Massachusetts Engineers Create a Programmable Fiber

The world’s first programmable fiber with digital capabilities to control, store, analyze data, as well as record the person’s activity was created by engineers from the Massachusetts Institute of Technology through integrating it in the fabric of the garment. Physically, digital fiber is a polymer thread that can be threaded into a needle and woven in a pattern of varying complexity into the standard fabric of a person’s everyday clothing.

Digital fibers expand the ability of fabrics to monitor the processes taking place in the human body. The data obtained can be used to track physical performance, draw up medical reports on health status and for the early diagnosis of diseases. In addition, the user can store standard files on the clothes, for example, the wedding music played on a significant day.

Before the development introduced by a group of engineers and scientists at MIT, electronic fibers had been analog, capable of transmitting or interrupting an electrical signal. Digital fibers can now encode and process discrete bits of information as 0s and 1s.

To implement the idea of the researchers, led by Professor Yoel Fink, hundreds of square microchips were placed in the mold before making the polymer fiber, converting the fabric into a microcircuit. After forming the thread, the scientists were able to obtain a fiber with a continuous electrical connection between the chips covering tens of meters.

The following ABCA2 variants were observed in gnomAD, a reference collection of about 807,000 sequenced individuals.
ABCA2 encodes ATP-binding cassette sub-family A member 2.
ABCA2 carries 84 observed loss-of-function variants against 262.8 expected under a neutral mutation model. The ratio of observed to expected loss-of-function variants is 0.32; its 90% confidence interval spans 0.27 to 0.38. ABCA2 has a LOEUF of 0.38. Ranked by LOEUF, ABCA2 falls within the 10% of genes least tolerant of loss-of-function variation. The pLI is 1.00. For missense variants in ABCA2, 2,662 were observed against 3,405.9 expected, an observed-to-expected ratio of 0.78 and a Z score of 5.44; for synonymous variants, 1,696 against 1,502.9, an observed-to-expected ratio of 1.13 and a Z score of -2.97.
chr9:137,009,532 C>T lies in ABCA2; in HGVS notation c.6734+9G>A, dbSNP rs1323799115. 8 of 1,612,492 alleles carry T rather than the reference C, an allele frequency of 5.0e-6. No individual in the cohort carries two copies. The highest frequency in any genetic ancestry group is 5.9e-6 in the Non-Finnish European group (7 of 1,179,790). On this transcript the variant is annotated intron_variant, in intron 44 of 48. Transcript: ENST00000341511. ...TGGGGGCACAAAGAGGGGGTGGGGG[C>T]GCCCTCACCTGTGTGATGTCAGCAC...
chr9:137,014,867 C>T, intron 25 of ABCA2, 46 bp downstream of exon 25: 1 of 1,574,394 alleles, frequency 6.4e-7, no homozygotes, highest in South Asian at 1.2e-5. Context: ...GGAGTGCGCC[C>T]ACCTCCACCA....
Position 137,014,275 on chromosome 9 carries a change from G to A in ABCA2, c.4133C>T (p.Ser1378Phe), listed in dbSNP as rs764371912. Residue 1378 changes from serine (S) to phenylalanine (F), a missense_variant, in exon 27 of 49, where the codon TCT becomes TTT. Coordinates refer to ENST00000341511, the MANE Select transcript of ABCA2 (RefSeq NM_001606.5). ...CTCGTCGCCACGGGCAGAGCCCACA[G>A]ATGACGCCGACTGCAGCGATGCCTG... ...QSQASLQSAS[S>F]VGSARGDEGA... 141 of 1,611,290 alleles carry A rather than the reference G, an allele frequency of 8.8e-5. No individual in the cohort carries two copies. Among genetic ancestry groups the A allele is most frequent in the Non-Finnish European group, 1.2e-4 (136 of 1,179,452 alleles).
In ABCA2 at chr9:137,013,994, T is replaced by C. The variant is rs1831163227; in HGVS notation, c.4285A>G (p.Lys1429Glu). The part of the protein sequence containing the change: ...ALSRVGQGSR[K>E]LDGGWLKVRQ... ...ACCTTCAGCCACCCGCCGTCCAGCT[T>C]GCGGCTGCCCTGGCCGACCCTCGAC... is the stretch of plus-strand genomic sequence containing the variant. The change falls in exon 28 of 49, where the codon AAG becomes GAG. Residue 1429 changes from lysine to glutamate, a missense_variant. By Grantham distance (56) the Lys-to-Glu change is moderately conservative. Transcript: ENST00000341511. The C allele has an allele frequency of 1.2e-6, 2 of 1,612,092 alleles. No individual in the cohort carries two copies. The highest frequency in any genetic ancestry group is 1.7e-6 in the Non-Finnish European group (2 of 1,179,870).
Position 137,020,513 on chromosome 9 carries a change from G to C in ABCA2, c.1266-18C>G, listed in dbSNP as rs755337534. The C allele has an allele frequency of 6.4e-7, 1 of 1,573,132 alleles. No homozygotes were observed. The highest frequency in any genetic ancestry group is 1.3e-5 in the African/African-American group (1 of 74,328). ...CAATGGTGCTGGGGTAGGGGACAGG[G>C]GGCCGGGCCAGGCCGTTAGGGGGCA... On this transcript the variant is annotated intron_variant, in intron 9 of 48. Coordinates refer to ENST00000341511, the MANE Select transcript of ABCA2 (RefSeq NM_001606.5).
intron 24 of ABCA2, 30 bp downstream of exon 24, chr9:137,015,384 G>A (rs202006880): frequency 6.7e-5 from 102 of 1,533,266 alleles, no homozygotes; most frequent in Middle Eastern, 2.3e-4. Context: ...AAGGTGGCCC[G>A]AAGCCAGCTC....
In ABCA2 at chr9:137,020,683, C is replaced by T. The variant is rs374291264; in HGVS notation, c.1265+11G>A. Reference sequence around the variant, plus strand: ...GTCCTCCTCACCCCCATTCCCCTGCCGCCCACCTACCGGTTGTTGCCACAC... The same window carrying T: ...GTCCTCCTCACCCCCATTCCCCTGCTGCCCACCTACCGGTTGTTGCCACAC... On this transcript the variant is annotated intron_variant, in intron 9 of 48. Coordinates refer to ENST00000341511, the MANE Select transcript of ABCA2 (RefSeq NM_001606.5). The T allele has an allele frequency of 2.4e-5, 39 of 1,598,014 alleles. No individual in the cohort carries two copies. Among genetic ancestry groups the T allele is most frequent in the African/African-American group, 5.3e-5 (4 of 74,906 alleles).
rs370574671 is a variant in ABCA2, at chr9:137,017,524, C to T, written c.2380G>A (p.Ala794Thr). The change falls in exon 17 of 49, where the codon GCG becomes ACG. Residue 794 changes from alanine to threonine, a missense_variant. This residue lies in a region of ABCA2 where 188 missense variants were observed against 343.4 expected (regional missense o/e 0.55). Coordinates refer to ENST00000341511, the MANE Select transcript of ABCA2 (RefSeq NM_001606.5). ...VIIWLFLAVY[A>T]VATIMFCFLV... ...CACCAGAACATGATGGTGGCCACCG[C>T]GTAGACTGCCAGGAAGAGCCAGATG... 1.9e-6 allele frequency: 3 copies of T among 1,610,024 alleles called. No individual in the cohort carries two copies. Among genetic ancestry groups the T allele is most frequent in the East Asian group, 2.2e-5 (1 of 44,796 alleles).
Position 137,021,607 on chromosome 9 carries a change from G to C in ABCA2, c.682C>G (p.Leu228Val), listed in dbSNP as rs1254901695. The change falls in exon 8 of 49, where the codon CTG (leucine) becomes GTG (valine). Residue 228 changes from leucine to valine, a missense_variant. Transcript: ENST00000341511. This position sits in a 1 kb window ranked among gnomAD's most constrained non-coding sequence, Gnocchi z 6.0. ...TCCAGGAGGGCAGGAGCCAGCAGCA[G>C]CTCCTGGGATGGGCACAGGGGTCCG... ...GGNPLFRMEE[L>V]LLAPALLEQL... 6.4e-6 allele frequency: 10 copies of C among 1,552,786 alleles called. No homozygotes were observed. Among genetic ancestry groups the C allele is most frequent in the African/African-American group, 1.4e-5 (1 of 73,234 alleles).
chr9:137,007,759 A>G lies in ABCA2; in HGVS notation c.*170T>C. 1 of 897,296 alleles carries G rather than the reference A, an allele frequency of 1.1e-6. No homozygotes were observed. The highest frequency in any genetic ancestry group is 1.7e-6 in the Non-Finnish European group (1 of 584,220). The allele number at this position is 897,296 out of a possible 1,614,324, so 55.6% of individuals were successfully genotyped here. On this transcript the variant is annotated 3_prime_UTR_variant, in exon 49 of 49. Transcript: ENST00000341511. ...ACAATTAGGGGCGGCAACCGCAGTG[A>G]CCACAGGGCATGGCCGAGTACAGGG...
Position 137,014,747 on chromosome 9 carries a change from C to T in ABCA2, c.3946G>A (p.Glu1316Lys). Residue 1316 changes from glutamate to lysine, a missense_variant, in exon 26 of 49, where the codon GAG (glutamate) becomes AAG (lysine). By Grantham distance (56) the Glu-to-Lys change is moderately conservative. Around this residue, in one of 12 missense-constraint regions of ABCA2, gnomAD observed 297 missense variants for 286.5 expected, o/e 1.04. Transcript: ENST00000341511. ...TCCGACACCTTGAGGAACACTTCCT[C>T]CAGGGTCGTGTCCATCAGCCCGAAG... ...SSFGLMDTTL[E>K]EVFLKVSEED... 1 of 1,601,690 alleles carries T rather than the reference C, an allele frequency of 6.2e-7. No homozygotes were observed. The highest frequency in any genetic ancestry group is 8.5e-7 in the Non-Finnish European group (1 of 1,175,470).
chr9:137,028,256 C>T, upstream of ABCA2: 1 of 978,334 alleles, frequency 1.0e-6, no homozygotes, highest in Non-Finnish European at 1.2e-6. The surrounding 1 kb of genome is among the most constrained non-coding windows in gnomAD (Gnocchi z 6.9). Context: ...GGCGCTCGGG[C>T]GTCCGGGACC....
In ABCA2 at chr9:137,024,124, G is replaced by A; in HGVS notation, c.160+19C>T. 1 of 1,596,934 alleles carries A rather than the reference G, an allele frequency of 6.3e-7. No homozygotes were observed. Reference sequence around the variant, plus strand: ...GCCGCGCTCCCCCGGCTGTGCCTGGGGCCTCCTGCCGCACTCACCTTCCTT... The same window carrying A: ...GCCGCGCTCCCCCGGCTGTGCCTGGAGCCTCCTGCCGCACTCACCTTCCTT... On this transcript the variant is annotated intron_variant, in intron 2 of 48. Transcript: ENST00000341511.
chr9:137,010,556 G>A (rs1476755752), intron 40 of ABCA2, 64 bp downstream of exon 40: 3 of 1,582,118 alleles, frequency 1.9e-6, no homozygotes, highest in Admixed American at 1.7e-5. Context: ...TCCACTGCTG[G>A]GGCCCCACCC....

This digital fiber can be used for a variety of purposes, woven into the common fabric of everyday wear. In the simplest case, the new fiber can be used as an information carrier. During testing, the digital fiber was able to keep a 767-kilobit full-color short video file and a 0.48-megabyte music file for two months without an additional power supply.

By increasing the length of the thread, it is possible to form devices with the functions of a neural network or a computer. MIT experts have already created a system of 1,650 joints integrated into the armpit of the shirt. As a result, the digital application was able to record data on the temperature and humidity of the human skin surface, and after using machine learning technology, it even recognized with an accuracy of 96% the type of physical activity that the wearer is engaged in.

The digital fabric is able to withstand up to 10 wash and dry cycles and does not hinder the user’s movement. The fiber is controlled by a small external device, so the next step is to develop a new chip as a microcontroller that can be embedded directly into the fabric.